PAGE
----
Get excited! We’ve got something guaranteed to make your Tuesday a whole lot better. Feast your eyes on this ultra-advanced, exclusive excerpt from Darynda Jones’s upcoming book, The Dirt on Ninth Grave, the next installment in the Charley Davidson series. It won’t be out until January, which is so long to wait. So we thought we’d take a peek now!
An amnesiac Charley is living as Jane Doe in a small village in New York, but a dark force is after her. And there’s this brooding, darkly handsome guy who keeps showing up …
The storeroom door opened and Erin stood on the other side, her aura a dark shade of red. Not that I needed to see her aura to know she was angry. It hit me like a heat wave. “You both have customers.”
“Sorry,” I said, rising unsteadily to my feet, but she was gone before I got the whole word out. I helped Cookie up, then went to the utility sink and splashed water on my face before checking my watch.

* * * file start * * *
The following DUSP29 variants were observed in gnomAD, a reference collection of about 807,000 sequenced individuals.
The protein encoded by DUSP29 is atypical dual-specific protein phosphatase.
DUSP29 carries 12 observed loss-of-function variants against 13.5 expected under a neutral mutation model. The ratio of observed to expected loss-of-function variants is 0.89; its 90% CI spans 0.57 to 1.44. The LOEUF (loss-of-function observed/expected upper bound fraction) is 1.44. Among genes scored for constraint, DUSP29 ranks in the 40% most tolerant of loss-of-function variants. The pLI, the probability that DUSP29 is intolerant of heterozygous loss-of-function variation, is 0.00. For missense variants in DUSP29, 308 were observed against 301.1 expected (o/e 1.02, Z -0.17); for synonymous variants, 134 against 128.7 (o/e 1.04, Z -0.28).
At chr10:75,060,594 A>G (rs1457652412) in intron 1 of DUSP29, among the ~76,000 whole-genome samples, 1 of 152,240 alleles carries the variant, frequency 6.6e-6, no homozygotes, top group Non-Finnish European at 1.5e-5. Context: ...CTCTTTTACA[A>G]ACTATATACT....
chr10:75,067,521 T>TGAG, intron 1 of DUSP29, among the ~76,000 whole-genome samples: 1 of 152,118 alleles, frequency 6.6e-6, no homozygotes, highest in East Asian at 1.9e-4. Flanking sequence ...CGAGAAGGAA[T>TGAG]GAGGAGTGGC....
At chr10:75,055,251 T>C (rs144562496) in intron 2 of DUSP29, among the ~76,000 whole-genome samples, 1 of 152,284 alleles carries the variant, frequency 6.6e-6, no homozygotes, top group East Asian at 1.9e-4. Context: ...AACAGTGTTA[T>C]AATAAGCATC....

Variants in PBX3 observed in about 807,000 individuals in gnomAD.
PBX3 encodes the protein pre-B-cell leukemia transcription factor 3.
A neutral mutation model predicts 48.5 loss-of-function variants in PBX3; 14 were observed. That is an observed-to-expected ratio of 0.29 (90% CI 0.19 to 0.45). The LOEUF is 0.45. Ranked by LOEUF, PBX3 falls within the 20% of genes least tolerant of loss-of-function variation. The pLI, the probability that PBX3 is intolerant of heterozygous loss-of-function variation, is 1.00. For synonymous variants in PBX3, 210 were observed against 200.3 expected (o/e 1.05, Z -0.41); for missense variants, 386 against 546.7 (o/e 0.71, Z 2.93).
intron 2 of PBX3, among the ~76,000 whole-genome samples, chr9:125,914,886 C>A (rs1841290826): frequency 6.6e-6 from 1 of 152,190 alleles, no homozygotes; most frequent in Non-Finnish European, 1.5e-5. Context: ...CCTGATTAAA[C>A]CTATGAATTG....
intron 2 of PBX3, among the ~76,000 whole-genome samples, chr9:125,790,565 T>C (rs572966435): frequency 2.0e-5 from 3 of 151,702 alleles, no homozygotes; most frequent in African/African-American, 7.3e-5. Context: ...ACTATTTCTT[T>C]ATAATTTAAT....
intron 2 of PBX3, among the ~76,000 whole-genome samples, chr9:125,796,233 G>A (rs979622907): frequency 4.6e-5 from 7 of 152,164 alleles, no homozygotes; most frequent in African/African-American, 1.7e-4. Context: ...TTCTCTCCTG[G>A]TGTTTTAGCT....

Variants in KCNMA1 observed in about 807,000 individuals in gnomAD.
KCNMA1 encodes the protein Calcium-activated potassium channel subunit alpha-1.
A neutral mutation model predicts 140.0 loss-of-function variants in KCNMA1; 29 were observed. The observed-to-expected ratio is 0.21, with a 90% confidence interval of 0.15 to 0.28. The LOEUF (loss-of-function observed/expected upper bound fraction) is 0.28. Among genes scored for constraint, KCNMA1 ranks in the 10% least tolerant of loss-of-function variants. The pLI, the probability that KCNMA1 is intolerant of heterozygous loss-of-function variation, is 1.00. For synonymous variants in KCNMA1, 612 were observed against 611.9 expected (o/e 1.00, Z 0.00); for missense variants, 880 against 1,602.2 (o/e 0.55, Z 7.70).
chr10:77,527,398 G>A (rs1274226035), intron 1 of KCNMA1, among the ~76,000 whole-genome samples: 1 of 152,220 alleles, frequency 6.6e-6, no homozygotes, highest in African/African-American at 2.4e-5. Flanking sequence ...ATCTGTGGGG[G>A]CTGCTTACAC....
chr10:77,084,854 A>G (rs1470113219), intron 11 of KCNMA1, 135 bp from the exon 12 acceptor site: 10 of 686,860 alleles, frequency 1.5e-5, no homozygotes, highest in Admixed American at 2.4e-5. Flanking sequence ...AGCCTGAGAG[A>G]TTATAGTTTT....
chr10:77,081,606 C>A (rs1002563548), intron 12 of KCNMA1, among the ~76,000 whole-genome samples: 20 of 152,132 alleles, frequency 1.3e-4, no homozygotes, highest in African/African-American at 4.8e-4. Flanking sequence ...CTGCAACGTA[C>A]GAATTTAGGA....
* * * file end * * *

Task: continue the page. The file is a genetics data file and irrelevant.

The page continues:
“He should be in any minute now,” Cookie said, brushing herself off.
I turned back to her. “Who?”
When she offered me a sympathetic smile, I said, “Doesn’t matter, anyway. He never sits in my section. He always sits in yours. Or Francie’s.” I tamped down the jealousy that bucked inside me. I had no right to be jealous. It wasn’t as though he ever talked to me. Or looked at me. Or, hell, acknowledged my existence in any way, for that matter.
“Maybe he’s just shy,” Cookie offered. “Maybe he likes you so much he’s afraid to make the first move.”
I snorted, dismissing the notion entirely. He didn’t strike me as the shy type. “Anyway, how do you know that’s who I’m waiting on?”
“Hon, every female in the café is waiting for him.”
My skin flushed again. Francie was so hot for him, her adrenaline spiked tenfold every time he walked in. Her aura turned red as well. A pinkish red. And for a very different reason.
“True. But he’s so angry all the time.”